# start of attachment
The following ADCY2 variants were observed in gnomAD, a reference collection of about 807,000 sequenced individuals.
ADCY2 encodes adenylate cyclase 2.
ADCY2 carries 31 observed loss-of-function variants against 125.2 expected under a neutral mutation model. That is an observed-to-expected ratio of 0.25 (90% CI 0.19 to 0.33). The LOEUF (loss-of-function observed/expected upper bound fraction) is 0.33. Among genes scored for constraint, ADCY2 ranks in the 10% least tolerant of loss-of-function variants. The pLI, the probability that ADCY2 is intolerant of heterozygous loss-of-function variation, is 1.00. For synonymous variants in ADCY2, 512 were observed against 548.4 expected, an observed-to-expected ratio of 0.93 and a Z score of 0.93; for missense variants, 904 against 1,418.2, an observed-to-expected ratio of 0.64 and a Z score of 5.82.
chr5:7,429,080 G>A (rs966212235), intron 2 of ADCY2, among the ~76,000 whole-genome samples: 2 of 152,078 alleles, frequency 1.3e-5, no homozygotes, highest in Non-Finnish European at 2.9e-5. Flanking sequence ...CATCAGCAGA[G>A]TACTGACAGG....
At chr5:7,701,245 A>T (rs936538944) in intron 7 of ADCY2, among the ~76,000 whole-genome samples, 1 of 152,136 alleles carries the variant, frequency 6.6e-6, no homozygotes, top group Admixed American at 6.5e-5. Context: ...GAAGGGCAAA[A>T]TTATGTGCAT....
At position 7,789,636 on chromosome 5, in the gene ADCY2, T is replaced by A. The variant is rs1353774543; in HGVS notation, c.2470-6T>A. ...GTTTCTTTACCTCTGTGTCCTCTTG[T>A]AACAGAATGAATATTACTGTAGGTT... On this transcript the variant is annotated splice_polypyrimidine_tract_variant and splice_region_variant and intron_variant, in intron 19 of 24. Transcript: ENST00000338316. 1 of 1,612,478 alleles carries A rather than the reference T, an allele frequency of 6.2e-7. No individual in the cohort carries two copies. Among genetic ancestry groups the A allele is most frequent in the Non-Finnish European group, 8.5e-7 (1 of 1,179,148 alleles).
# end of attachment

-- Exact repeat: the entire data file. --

The following ADCY2 variants were observed in gnomAD, a reference collection of about 807,000 sequenced individuals.
ADCY2 encodes adenylate cyclase 2.
ADCY2 carries 31 observed loss-of-function variants against 125.2 expected under a neutral mutation model. That is an observed-to-expected ratio of 0.25 (90% CI 0.19 to 0.33). The LOEUF (loss-of-function observed/expected upper bound fraction) is 0.33. Among genes scored for constraint, ADCY2 ranks in the 10% least tolerant of loss-of-function variants. The pLI, the probability that ADCY2 is intolerant of heterozygous loss-of-function variation, is 1.00. For synonymous variants in ADCY2, 512 were observed against 548.4 expected, an observed-to-expected ratio of 0.93 and a Z score of 0.93; for missense variants, 904 against 1,418.2, an observed-to-expected ratio of 0.64 and a Z score of 5.82.
chr5:7,429,080 G>A (rs966212235), intron 2 of ADCY2, among the ~76,000 whole-genome samples: 2 of 152,078 alleles, frequency 1.3e-5, no homozygotes, highest in Non-Finnish European at 2.9e-5. Flanking sequence ...CATCAGCAGA[G>A]TACTGACAGG....
At chr5:7,701,245 A>T (rs936538944) in intron 7 of ADCY2, among the ~76,000 whole-genome samples, 1 of 152,136 alleles carries the variant, frequency 6.6e-6, no homozygotes, top group Admixed American at 6.5e-5. Context: ...GAAGGGCAAA[A>T]TTATGTGCAT....
At position 7,789,636 on chromosome 5, in the gene ADCY2, T is replaced by A. The variant is rs1353774543; in HGVS notation, c.2470-6T>A. ...GTTTCTTTACCTCTGTGTCCTCTTG[T>A]AACAGAATGAATATTACTGTAGGTT... On this transcript the variant is annotated splice_polypyrimidine_tract_variant and splice_region_variant and intron_variant, in intron 19 of 24. Transcript: ENST00000338316. 1 of 1,612,478 alleles carries A rather than the reference T, an allele frequency of 6.2e-7. No individual in the cohort carries two copies. Among genetic ancestry groups the A allele is most frequent in the Non-Finnish European group, 8.5e-7 (1 of 1,179,148 alleles).